Continuing my search for inexpensive wristwatches, I did a little "horsetrading" a couple days ago with a collector friend who lives in nearby Rockford, Ill., who is a pocket watch enthusiast. I always keep a few inexpensive pocket watches around (usually part of "package deals") so I can work such trades. I went through this guy's "junk box" and came up with four Bulova wristwatches:
The one on the left I believe has the original band with it, and runs. The second one is a rare Academy Award model from 1953, also with original bracelet. It needs a cleaning. The third one is a "His Excellency" from 1949, running, with a 21 jewel movement. All three are gold filled cases, front and back, and in excellent condition. All have their original signed crowns. The last one is a stainless steel Art Deco styled "Senator" with a 15 jewel Caliber 10AE movement manufactured in 1936, gauged by the box-shape emblem engraved on the movement plate.
With what I traded the guy, I figure I have $20 apiece into the Bulovas. The stainless Senator should be an easy $100 sale all by itself, no work involved. With a $35 cleaning, the Academy award should bring $150-$200. The other two gold-filled Bulovas I will probably sell on eBay as resto projects. With their blemished dials, it will probably cost more to restore them than will bring.
So all in all, a good haul, and I'm sure my friend is happy with his two pocket watches.
Bulova watches are a budget watch collector's bonanza. They are plentiful, reasonably priced (most models anyway) and parts are readily available.
Joseph Bulova, a Czech immigrant, founded the company in 1875. Only 23 years old at the time, Bulova opened a modest jewelry shop in New York City. Initially, Bulova sold mainly pocket watches and other jewelry, but over time he expanded his line of products. He was manufacturing and selling his own desk clocks and other timepieces by 1911, the year he incorporated the operation as J. Bulova Company. By that time, Bulova's pocket watches had already attained a reputation for excellence, and New Yorkers bought them as fast as he could make them.
In 1919, Bulova introduced the first full line of jeweled wristwatches for men. In 1926, the company sponsored the first nationally broadcast radio spot commercials, featuring the immortal "At the tone, it's 8 p.m., B-U-L-O-V-A Bulova watch time" tag line. Bulova began selling the world's first clock radio two years later, and continued to make them into the 1960s. Meanwhile, the company's name was changed to Bulova Watch Company, Inc., reflecting the growing role of Arde Bulova, Joseph's son, in the firm's management. Arde Bulova, along with his head of sales, the brilliant John H. Ballard, are responsible for taking Bulova from a relatively small company to one of the world's largest watch companies. Though always based in the United States, Bulova is considered a Swiss watch, since nearly all their movements were imported from Switzerland, and then cased and timed in the United States.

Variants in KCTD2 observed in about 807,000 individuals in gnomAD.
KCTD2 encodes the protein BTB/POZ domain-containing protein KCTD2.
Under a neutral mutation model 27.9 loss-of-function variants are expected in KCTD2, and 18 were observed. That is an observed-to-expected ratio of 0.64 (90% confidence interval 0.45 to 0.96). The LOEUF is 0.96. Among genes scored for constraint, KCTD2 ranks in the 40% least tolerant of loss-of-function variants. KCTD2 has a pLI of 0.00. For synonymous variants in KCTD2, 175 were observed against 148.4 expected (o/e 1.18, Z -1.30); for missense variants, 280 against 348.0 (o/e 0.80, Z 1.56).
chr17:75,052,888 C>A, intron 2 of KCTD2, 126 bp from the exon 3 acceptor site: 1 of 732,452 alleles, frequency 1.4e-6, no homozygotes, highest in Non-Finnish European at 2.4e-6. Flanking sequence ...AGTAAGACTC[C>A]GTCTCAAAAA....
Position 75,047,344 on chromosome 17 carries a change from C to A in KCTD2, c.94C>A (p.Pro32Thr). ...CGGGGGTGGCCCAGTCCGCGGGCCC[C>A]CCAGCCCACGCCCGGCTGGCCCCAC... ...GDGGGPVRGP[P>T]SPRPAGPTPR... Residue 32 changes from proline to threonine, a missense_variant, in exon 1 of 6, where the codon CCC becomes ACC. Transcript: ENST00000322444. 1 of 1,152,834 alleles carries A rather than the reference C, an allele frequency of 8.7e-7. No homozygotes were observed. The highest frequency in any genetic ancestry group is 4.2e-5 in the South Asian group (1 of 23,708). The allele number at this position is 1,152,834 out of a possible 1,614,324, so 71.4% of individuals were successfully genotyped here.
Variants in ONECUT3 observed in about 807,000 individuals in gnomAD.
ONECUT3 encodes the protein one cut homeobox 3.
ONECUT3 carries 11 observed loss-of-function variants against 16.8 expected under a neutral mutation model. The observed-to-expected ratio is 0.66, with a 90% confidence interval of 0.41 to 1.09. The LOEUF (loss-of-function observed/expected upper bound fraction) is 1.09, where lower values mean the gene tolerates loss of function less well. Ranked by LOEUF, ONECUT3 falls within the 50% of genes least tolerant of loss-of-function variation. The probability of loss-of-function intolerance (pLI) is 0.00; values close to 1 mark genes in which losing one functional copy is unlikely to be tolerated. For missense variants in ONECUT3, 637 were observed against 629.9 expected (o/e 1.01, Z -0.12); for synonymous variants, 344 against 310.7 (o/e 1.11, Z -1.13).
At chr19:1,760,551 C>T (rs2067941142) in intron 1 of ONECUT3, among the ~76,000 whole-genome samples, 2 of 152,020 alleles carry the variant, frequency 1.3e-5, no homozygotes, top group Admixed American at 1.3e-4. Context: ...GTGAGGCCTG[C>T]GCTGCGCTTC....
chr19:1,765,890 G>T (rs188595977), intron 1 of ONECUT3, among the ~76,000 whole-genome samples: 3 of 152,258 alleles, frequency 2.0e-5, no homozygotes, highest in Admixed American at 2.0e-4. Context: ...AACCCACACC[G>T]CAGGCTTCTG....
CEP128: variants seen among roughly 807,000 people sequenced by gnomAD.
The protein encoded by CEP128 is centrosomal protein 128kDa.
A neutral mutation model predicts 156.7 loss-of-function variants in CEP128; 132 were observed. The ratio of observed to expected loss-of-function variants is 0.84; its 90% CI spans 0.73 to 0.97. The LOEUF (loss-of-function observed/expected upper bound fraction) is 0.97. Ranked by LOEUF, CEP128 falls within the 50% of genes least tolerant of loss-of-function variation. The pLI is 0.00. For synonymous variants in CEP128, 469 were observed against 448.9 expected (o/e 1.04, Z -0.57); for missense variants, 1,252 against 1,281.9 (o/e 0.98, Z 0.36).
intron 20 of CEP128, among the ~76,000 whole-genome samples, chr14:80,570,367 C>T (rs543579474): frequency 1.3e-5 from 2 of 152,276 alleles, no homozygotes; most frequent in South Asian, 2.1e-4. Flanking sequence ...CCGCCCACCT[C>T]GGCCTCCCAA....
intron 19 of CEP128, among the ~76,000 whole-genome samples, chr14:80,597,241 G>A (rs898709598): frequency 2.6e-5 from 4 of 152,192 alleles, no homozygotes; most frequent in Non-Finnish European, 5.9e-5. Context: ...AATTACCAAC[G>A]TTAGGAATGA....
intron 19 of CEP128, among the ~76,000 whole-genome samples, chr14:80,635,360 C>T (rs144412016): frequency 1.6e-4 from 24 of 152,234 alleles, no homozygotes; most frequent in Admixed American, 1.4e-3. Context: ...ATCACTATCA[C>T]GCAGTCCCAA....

Bulova continued to innovate in the areas of marketing and advertising over the decades that followed. The company launched the first million-dollar advertising campaign the watch industry had seen in 1931. Ten years later, Bulova aired the world's first television commercial. Broadcast just before a 1941 Brooklyn Dodgers baseball game, the advertisement showed a simple picture of a clock superimposed on a map of the United States. The message was simply "America runs on Bulova time."
Some people denigrate Bulova, saying they are all too common to be considered collectible. But Bulova has its legions of fans, and in fact there are two websites devoted exclusively to Bulova watches. One is My Bulova, and the other is Watchophilia.
A Bevy of Bulovas
February 20, 2014 6:10 PM